Lucas County only has 8,000 people living here, and many of the jobs available are hands-on type jobs like manufacturing. So, many employees need experience in CTE programs to work here, and if we want students to stay here in the community, we need to introduce them to the type of jobs that are here and help them get the skills for them. I don’t necessarily push a student into one career field. I’d rather have them see different areas, different careers and explore what they want to do. We try to push industrial tech versus just welding or engineering. Explore the area, do some projects and try some job shadows. Learn what you like to do and are good at.

Why are CTE programs and CTE teachers key components for strengthening Iowa’s future workforce?
We need to introduce these types of careers in high school. There are a lot of kids who don’t know what they want to do. CTE programs have been able to introduce them into careers that have job openings. CTE programs provide hands-on experiences. It’s not just something you read on a powerpoint. It allows the students to explore while still in high school.

CTE is critical in building the future workforce. For businesses, the main pipeline for more employees is going to be at the high schools. Manufacturing, auto shops and other places are looking for employees, and these employees don’t necessarily need to go to a four-year college. Many employers are looking for work ethic and someone who can learn, and these jobs often pay well.

Trophies project

Do you have a success story of a current or former student that you can share?
I worked with a student, who recently graduated, to set up a work experience at Pella Corporation in machining. Together, we were able to schedule him for a few hours a couple days a week at Pella to get hands-on experience. The student knew how to program on his own and run parts. At the end of his experience right before graduation, we met again with Pella. They offered him full-time employment but also suggested he pursue further education at Indian Hills Community College to increase his earning potential. The student worked 40 hours a week in the summer and now works a flexible schedule at Pella Corporation while attending Indian Hills.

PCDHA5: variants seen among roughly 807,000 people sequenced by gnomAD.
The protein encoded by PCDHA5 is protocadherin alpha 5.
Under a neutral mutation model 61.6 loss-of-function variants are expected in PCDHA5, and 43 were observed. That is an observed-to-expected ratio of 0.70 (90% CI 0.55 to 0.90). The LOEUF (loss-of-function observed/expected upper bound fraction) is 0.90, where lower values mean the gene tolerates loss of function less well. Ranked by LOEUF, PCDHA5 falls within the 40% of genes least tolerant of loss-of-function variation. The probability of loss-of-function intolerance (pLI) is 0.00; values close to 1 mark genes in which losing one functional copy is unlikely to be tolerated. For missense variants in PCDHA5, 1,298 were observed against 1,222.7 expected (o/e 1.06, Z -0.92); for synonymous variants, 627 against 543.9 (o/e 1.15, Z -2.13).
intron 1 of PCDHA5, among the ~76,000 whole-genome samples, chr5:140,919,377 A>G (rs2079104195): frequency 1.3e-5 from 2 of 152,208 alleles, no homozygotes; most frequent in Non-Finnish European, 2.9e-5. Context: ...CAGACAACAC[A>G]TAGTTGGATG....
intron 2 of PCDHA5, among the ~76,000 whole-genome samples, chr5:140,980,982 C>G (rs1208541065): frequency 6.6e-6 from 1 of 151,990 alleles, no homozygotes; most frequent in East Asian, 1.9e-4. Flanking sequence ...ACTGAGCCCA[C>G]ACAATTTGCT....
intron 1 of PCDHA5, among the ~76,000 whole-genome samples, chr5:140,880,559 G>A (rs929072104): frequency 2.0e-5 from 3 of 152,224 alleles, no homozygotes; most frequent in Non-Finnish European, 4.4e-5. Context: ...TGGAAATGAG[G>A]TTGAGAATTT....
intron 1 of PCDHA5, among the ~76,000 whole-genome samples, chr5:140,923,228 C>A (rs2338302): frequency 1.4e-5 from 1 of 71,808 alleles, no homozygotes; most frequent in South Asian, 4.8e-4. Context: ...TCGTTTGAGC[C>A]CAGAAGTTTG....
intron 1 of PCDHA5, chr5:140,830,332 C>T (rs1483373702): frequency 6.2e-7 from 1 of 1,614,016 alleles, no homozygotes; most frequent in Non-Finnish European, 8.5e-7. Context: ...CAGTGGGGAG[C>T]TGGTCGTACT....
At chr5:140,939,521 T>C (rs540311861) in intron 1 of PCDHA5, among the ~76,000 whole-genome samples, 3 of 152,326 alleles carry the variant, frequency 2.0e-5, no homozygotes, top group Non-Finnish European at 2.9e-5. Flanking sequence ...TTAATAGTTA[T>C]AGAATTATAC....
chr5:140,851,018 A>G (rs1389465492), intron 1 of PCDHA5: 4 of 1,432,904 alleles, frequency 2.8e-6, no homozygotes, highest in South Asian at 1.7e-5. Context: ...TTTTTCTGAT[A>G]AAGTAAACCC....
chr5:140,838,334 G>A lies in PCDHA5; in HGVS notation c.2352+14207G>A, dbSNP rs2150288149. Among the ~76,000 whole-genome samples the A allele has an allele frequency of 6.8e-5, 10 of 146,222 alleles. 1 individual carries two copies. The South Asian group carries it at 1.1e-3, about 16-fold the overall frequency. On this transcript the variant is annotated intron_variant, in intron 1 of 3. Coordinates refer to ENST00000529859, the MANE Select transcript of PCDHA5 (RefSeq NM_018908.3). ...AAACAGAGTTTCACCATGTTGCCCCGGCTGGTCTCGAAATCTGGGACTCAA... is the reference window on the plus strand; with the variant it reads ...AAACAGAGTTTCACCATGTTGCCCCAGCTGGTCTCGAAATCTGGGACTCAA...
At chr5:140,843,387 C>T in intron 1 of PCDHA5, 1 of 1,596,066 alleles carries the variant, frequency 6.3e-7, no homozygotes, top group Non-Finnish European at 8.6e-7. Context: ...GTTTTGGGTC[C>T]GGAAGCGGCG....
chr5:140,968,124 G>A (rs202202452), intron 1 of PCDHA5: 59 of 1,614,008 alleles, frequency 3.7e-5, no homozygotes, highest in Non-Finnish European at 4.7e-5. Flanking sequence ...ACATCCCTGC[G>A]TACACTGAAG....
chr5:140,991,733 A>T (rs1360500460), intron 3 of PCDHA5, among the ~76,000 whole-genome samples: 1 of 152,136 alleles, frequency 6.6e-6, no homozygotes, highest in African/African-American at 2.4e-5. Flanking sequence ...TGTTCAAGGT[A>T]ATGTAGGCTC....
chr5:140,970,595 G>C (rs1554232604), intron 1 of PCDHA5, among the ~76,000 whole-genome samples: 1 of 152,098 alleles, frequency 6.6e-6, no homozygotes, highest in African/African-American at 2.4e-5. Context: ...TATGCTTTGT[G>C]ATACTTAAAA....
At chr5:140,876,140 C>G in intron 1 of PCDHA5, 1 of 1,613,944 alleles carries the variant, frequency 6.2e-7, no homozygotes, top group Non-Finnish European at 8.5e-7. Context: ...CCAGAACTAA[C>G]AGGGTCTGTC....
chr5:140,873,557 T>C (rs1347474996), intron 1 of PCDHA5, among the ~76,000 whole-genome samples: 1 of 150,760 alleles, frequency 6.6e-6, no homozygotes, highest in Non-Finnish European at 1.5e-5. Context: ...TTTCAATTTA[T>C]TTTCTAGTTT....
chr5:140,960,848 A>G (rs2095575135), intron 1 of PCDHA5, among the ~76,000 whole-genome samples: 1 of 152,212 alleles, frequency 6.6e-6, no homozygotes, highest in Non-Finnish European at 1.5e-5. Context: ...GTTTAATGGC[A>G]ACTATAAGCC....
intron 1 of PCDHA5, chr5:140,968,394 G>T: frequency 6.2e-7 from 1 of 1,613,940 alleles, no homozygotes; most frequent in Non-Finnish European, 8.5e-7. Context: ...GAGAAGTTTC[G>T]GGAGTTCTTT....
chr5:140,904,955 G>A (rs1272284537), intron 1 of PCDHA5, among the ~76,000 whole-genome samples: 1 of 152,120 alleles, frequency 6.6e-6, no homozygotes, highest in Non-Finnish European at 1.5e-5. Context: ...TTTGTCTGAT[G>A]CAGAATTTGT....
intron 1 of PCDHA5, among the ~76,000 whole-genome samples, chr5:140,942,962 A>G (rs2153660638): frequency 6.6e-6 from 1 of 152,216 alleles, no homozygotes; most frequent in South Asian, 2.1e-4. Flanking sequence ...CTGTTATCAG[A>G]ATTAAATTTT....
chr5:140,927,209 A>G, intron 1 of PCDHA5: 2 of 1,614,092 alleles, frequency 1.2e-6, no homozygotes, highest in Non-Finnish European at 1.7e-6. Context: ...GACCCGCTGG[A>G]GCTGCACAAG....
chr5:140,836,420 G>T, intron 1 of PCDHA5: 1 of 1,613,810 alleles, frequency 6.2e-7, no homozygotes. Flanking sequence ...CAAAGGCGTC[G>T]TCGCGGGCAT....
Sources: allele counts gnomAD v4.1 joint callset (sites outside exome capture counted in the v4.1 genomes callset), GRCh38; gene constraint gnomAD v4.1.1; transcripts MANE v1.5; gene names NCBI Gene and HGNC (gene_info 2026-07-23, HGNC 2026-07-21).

Another student, who will graduate this spring, is in the manufacturing engineering program and has been getting experience at Johnson Machine Works, a local manufacturing company, to practice modeling. He has just been hired on as an employee. He doesn’t get a lot of hours – maybe 1-2 per day, but he is getting more time to practice and learn how to be a better employee. There will be opportunities for him to join full-time this summer before he goes to Iowa State University for engineering in the fall. Johnson’s would also like to have him stay on while he is going to college.

There is currently a shortage of CTE educators in Iowa, and professionals with experience in high-demand job fields can often make great CTE teachers. What would you say to encourage business and industry personnel to consider becoming CTE educators?
I actually think finding high school students who may become good teachers or trainers is a better way to get more CTE teachers. You can tell as an educator which students are good at a little of everything in the field and can think in broad terms. You can also tell which kids have the drive and initiative to do this job. I like to tell them that teaching can be fun. It doesn’t feel like work most of the time. If there is a student who could be a good teacher, I ask them to be a co-teacher. They initially dread it, but it is empowering. When they are able to help someone else and that person gets it, there is always a big smile. Having students co-teach not only helps them better learn the subject or skill they’re teaching, but it also gives them confidence. I’ve had a few students go on to become trainers and hope a few will become teachers in the future, too.